Lost and Found
Over the past two years, I’ve lost quite a bit. Most of it on purpose. Nearly all of it with a good deal of personal effort, intellectual honesty, and soul searching.
But even when something is toxic, the absence of its familiarity aches. The comforting cloak of invisibility an overweight woman in her 40s wears, for instance. It can shake you to the core to be noticed again once it’s been removed. For people to smile at you for no reason. To be appreciated for your appearance after years of being overlooked, well, it’s startling, to say the least.
Letting go of unhealthy relationships is worse. That pain holds you to the ground, locking your feet into place, preventing you from evolving and becoming the person you know you wish to be – losing that burden is terrifying. The terrifying weightlessness of it. I don’t know about you, but spontaneously feeling like I’m flying isn’t on my top 10 list of things that don’t scare me.
The thing about an unhealthy relationship – whether it hurts you directly through abuse or neglect or codependency, or whether it provides you with the tools you need to rage at the world or tear yourself down piece by piece - is that it freezes you into a kind of skip loop of doom. There is no healing because you will not allow yourself to be healed by letting go of it.
Even if you let go of the relationship, if you can’t let go of its effect on you, you’re still frozen. Only now you’re frozen and alone and missing the comfort of the consistent, painful weight gnawing at your ankle.
Because letting go is a form of loss. And you grieve for it until you finally take that first step. And until you stop grieving its loss, you will continue to hurt and rage and live in an insulated bubble of your own pain.
When I was a child, my father and I would take an annual hike into the wilderness of the Bitterroot Mountains in my home state of Montana. My favorite hike was Big Creek Lake. Ten miles up a winding mountain trail through old growth forests untouched by human hands.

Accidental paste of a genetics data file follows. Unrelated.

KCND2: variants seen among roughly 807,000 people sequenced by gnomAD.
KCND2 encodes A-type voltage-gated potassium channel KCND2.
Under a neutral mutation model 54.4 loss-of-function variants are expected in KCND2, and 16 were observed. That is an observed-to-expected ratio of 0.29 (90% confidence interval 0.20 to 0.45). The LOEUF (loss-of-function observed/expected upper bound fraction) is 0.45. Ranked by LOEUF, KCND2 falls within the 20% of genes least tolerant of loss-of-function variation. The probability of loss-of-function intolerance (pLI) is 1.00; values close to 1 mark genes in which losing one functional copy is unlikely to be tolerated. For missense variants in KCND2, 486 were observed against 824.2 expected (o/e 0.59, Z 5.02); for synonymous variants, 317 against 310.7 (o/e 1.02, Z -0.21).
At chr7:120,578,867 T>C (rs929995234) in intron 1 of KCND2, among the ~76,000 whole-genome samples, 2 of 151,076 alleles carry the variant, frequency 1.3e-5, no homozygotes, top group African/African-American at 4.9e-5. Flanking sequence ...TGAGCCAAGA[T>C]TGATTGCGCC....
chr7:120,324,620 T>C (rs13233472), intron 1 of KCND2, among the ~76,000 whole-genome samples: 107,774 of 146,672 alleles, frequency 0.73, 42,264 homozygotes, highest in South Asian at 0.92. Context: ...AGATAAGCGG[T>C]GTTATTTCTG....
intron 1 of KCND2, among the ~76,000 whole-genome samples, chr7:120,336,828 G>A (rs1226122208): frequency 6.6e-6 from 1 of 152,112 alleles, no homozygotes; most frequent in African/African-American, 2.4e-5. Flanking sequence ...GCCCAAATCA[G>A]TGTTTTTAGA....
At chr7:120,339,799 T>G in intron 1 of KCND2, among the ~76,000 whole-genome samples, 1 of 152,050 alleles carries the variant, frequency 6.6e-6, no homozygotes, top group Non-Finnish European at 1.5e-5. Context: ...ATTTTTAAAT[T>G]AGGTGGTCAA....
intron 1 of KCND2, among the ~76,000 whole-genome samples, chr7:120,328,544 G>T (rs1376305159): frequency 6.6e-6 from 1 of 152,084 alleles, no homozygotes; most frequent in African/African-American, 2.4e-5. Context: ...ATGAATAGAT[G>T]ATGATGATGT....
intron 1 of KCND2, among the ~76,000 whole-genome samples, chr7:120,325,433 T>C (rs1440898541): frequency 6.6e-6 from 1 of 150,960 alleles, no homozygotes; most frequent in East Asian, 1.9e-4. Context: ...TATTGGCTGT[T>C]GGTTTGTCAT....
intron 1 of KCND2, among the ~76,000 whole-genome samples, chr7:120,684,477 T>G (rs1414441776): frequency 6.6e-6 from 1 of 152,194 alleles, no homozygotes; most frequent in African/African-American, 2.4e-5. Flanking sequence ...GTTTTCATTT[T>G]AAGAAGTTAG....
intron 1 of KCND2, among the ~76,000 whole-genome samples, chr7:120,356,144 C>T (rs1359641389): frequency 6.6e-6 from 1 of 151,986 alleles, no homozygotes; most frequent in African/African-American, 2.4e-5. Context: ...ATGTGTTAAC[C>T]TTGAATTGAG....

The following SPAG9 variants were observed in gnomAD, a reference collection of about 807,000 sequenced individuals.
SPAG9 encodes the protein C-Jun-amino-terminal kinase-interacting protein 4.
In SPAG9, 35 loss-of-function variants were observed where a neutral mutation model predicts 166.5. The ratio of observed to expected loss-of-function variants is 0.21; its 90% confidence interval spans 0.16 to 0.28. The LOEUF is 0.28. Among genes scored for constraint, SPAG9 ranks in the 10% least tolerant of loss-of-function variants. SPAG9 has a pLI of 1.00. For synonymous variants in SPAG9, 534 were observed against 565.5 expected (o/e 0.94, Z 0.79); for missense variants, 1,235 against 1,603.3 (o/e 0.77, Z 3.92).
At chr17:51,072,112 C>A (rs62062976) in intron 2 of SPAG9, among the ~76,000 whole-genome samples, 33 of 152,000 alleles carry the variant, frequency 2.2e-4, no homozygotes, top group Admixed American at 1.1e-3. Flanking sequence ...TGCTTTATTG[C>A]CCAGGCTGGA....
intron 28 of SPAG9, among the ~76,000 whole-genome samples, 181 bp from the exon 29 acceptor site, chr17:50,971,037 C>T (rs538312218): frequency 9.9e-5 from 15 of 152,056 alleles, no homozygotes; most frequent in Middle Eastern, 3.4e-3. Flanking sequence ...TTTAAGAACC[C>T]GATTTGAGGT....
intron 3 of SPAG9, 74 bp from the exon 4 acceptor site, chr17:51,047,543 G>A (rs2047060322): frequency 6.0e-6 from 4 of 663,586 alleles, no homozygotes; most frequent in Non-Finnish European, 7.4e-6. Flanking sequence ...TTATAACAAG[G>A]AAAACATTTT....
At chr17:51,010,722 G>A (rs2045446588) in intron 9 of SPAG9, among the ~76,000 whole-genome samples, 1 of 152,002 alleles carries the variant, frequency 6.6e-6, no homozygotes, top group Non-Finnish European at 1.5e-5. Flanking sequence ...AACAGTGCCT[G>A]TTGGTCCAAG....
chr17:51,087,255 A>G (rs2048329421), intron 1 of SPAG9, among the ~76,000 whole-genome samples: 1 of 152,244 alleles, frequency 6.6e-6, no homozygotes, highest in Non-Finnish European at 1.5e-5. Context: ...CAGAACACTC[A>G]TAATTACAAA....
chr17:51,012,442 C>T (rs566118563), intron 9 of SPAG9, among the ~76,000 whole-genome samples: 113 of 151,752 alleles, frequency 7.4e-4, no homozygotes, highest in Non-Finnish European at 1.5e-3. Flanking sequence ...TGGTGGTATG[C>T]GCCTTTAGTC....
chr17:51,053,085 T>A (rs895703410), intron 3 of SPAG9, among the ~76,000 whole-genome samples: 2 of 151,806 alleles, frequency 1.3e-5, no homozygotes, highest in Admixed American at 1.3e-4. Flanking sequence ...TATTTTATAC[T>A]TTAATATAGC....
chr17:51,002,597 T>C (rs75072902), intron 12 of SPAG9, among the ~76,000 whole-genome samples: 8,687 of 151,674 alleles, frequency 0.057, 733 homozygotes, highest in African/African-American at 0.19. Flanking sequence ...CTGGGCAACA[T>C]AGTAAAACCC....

At the halfway point, there was a beautiful falls. Big, pillowy boulders, warmed by the summer sun surrounded by pools of icy water that was still snow just a few weeks before our arrival. When I’d take off my framepack and my hiking boots, I felt weightless. Felt free. The cool air on my sweaty back, the cold water on my aching feet. It was bliss.
From that point forward, my father had a strict rule about breaks: the backpack stays on; because it would only get heavier every time you took it off and returned it to your shoulders. There is a metaphor in that: We get used to the burdens we carry, no matter how heavy, and eventually we forget that we carry them. Until they’re lifted – either by our own effort or the intervention of someone helping to bear their weight for a little while.
I’ve lost things that I needed to lose. Things that were weighing me down both literally and figuratively, but sometimes, in moments of weakness, I miss the comfort of that pain like an absent limb. And it’s as disorienting as setting down a familiar object and forgetting where you placed it.
Then there are the losses that you don’t anticipate, expect, need, or desire. That’s when your mettle gets tested. When a dear friend falls asleep and just doesn’t wake up without reason or warning. When a little piece of serendipity ends in heartache and much too soon.
And you feel that familiar tug at your ankle formed from all the past pain you’ve let go; weighing you down and holding your feet fast to the earth.
Looking back on my summer trips with my daddy, I still remember the internal burst of joy I felt when we arrived at Big Creek Falls and could stop for lunch before the final climb to the high mountain lake. But I also remember how tired I was. How my shoulders ached, and the horseflies swarmed around my legs. How I’d turn up my Walkman and pray that somehow the Joshua Tree would have some hidden form of frequency-based pain deadening effect.
Until I heard it. The thundering, rushing crash of water, filling the falls and tumbling down the mountain. I’d turn off my Walkman and take off my headphones and sigh with relief. One hundred steps to go. The truth of it is that I never reached a hundred as I counted my steps. It was always much closer than I remembered and it was always a surprise when the sparkle of water appeared between the trees.
As I sit here writing this, I am feeling the discomforting weight of my most recent losses. And it hurts because I’ve felt weightless for so long. But going back isn’t an option that’s possible for me. It’s not my choice, this new weight I’m carrying, but it’s only temporary. It has to be temporary because I’ve grown accustomed to flying and I like it. And I’ll get it back.
One hundred steps. The falls are just around the bend, just out of sight, hidden by that stand of cedar trees ahead.
One. Two. Three….